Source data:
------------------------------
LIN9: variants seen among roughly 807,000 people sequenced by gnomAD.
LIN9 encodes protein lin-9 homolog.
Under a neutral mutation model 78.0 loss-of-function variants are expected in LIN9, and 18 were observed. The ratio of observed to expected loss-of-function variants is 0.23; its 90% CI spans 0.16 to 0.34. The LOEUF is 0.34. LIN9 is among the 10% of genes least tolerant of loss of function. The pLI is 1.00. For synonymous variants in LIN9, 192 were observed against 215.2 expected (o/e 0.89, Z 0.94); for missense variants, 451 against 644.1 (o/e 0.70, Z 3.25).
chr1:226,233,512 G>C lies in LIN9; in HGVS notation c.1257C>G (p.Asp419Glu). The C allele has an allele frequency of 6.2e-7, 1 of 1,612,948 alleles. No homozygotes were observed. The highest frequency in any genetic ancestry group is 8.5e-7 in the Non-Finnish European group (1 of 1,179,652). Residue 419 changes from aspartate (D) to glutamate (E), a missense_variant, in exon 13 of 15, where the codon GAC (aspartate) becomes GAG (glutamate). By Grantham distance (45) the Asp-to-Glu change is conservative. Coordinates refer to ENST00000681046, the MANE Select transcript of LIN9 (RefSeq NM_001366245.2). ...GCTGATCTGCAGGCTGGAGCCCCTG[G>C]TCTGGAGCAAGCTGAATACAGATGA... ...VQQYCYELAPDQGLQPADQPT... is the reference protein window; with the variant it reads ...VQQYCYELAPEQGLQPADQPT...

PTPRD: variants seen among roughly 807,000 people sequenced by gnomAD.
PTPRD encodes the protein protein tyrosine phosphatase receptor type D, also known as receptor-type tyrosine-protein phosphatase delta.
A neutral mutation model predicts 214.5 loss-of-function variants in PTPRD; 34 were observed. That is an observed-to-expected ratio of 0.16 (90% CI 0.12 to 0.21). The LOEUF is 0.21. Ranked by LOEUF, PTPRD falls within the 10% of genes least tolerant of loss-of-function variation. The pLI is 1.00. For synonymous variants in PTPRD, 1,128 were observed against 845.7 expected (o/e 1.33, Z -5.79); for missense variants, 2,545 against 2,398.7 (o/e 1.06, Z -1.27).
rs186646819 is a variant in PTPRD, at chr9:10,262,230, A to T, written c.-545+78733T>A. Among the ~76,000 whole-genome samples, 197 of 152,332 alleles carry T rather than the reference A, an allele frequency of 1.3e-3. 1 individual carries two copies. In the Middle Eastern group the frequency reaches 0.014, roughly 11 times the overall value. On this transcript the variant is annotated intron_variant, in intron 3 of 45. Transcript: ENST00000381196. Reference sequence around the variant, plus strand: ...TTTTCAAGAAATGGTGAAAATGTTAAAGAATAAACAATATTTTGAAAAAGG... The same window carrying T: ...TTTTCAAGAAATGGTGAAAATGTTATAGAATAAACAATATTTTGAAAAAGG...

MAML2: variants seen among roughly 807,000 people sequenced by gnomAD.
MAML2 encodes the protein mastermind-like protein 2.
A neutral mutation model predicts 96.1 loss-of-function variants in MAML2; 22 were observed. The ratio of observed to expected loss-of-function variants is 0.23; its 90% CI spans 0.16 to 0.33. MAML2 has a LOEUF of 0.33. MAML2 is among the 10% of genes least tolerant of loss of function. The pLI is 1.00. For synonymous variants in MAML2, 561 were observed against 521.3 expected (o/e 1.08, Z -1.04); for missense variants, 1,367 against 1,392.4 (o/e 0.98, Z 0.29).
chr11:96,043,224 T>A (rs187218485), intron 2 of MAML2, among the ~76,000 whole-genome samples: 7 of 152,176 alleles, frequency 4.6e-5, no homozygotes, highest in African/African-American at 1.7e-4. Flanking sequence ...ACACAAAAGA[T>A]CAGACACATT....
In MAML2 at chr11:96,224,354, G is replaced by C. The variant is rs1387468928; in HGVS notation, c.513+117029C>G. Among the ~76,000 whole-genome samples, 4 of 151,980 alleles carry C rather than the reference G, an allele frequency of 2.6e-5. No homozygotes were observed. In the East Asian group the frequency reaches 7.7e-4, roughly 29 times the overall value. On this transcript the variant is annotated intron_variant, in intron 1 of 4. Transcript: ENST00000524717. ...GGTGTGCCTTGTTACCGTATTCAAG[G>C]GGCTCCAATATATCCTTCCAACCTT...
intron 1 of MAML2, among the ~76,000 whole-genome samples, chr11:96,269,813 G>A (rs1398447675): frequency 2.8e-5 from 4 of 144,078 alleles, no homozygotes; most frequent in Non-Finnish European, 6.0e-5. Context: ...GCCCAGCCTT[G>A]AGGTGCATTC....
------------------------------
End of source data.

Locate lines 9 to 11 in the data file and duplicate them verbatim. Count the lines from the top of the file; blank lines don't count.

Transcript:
MAML2: variants seen among roughly 807,000 people sequenced by gnomAD.
MAML2 encodes the protein mastermind-like protein 2.
A neutral mutation model predicts 96.1 loss-of-function variants in MAML2; 22 were observed. The ratio of observed to expected loss-of-function variants is 0.23; its 90% CI spans 0.16 to 0.33. MAML2 has a LOEUF of 0.33. MAML2 is among the 10% of genes least tolerant of loss of function. The pLI is 1.00. For synonymous variants in MAML2, 561 were observed against 521.3 expected (o/e 1.08, Z -1.04); for missense variants, 1,367 against 1,392.4 (o/e 0.98, Z 0.29).